In early 2011 the Illinois legislature passed a significant tax increase, which raised taxA tax is a mandatory payment or charge collected by local, state, and national governments from individuals or businesses to cover the costs of general government services, goods, and activities. rates precipitously on both individual and corporate income. In the aftermath of the hike, the state suffered as businesses with large capital reserves and mobile resources (Sears is one example) threatened to pack up and leave for more competitive tax regimes in neighboring states. The solution that Illinois put into effect was a regime of tax creditA tax credit is a provision that reduces a taxpayer’s final tax bill, dollar-for-dollar. A tax credit differs from deductions and exemptions, which reduce taxable income, rather than the taxpayer’s tax bill directly. s and rebates, to be applied and handed out as development offices saw fit.
Now, the state is responding to concerns of abuse of these credits by approving HB 3859 and HB 3934 as a means of increasing transparency in these governmental relationships. Transparency is certainly a laudable goal, but under these circumstances the legislators of Illinois are missing the broader point: a policy of uncompetitive marginal rates will always lead to a weakened business community, which will in turn lead to widespread job and productivity losses.
This pattern of incentives created by high marginal rates is observable in Illinois and across the country. Sears is a hallmark company that has deep ties to the state, by holding a sympathetic press conference they can essentially hold the state hostage by threatening to pack up and leave, lest special tax credits be directed towards them. Illinois is in a bind, with uncompetitive tax rates their economy is scaring off potential and existing sources of employment, yet by then retroactively pairing down these rates via tax rebates the issue of transparency rightly comes to the forefront.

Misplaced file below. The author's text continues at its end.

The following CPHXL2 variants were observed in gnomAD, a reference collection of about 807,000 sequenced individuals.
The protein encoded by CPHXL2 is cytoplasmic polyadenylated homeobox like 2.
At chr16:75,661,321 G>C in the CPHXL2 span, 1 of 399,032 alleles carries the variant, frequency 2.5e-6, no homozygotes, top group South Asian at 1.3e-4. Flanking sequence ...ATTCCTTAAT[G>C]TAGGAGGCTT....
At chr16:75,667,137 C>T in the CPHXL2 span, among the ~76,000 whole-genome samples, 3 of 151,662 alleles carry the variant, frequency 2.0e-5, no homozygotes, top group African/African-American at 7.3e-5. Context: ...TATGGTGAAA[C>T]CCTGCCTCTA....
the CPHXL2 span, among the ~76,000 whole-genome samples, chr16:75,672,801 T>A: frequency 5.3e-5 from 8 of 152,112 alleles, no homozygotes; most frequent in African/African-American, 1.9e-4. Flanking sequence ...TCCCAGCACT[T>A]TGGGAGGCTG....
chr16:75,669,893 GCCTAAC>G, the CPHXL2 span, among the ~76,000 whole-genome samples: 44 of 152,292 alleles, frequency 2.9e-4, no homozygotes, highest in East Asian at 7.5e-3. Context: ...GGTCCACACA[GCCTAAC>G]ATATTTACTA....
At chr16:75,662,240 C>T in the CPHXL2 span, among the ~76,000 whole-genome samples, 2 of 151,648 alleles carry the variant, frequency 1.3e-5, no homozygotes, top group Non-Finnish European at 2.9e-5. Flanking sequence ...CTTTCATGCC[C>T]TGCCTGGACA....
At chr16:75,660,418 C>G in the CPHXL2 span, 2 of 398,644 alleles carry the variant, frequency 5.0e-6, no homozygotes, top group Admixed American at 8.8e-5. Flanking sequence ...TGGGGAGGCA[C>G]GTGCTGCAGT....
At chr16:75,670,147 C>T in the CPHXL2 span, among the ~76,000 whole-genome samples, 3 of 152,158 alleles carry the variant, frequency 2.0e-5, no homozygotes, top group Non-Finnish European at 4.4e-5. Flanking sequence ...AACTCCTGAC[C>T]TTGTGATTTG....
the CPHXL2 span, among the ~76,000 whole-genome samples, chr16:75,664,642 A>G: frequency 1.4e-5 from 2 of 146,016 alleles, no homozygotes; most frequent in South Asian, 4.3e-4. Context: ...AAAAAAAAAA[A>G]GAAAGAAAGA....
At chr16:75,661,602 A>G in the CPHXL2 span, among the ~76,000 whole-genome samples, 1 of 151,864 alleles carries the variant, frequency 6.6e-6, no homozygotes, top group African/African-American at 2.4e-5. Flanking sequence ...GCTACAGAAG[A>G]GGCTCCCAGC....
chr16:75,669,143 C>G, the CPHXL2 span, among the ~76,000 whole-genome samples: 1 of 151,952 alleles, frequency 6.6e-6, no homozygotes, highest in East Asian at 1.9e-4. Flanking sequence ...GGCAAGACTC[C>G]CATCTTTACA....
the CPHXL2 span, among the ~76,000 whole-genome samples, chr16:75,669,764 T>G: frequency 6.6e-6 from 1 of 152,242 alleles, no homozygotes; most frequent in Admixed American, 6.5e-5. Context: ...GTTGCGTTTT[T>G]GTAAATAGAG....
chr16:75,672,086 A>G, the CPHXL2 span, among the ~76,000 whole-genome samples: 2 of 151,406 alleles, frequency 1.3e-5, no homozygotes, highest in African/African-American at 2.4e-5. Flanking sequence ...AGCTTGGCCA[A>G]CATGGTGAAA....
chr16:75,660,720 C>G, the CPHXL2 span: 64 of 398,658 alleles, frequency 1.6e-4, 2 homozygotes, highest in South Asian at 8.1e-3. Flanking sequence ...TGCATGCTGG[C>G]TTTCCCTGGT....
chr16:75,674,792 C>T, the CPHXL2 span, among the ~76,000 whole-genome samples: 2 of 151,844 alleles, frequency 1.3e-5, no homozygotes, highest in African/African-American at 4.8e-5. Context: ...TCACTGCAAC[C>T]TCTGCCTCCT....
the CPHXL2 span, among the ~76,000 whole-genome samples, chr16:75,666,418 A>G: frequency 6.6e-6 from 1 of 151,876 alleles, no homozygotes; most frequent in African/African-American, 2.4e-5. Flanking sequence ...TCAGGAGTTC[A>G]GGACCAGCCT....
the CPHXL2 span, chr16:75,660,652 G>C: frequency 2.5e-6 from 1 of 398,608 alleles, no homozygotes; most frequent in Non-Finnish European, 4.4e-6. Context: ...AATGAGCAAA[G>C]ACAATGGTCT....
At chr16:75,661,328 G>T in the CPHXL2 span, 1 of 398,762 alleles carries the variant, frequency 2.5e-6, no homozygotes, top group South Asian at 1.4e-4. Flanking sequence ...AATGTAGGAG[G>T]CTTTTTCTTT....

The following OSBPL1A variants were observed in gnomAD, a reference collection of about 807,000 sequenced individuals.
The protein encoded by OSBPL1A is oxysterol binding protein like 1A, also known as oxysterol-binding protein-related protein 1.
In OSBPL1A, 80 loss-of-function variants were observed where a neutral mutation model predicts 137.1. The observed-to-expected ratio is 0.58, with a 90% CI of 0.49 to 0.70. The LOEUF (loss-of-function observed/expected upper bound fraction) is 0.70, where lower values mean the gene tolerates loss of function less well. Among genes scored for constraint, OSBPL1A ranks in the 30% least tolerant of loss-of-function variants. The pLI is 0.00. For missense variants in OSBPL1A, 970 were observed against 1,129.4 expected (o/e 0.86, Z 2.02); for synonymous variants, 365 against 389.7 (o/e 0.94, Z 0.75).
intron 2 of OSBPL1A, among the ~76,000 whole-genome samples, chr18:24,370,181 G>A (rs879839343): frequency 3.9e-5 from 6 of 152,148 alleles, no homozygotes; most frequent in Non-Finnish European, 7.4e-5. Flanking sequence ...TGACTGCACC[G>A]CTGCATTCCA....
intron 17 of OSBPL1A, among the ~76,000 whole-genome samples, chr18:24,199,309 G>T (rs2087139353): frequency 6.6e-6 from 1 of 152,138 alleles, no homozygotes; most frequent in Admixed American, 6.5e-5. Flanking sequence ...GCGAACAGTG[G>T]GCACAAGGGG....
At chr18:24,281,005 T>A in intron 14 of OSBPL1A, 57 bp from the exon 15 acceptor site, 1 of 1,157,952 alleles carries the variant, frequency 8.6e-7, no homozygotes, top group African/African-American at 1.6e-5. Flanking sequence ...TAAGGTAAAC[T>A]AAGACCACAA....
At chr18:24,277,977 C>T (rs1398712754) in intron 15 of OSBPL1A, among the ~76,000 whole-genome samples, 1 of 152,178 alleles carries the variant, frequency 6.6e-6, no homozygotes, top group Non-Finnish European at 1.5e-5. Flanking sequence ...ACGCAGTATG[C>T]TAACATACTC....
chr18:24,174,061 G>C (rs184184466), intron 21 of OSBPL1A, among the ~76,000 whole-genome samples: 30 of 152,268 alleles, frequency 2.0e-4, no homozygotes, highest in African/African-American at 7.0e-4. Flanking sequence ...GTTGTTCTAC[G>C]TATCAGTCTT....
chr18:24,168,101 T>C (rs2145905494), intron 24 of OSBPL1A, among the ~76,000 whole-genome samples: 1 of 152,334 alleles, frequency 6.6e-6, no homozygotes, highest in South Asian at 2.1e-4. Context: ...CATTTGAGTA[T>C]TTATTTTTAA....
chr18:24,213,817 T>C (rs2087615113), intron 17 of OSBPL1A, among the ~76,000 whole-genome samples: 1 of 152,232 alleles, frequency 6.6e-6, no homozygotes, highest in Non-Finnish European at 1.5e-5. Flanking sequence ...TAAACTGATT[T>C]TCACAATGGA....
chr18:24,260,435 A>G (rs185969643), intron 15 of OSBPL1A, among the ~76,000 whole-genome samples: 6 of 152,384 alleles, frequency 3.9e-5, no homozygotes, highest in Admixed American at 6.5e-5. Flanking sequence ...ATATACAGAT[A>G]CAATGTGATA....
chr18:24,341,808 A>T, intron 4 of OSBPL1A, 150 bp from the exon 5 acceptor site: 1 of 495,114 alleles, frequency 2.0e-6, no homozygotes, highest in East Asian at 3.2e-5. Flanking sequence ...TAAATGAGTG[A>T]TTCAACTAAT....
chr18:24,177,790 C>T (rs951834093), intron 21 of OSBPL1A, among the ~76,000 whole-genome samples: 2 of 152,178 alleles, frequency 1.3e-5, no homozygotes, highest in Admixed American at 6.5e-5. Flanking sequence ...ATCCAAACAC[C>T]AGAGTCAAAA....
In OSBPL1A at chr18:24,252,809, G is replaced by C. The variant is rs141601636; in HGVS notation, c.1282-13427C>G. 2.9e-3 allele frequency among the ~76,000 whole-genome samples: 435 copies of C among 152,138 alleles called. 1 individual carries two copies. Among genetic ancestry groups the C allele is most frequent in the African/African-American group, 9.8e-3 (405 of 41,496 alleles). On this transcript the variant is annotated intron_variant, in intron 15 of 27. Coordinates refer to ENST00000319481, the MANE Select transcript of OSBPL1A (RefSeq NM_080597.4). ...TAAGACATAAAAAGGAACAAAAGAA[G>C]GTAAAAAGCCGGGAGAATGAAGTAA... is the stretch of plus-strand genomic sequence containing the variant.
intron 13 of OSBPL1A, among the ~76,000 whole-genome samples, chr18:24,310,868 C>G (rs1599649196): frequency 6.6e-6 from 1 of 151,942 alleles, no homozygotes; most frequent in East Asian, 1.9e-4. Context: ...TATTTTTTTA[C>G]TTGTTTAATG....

The prudent solution would be to lower the rates for both individuals and businesses, creating a natural incentive for production and employment, while removing the problem of tax deals that favor certain well-connected industries or companies at the expense of the state’s economy as a whole. Illinois’ current corporate income tax rate of 9.5% ranks amongst the highest in the nation, and is uncompetitive in comparison to the neighboring states that compete with it for access to labor and capital markets. Until such high rates are reduced, states like Illinois will continue to run in circles trying to fix problems created by unsound tax policy. The table below shows top marginal corporate tax rates of Illinois and its neighbors:
|State||Top Corporate Income Tax Rate (2012)|
For more on Illinois, click here.
Follow Scott Drenkard on Twitter @ScottDrenkard.Share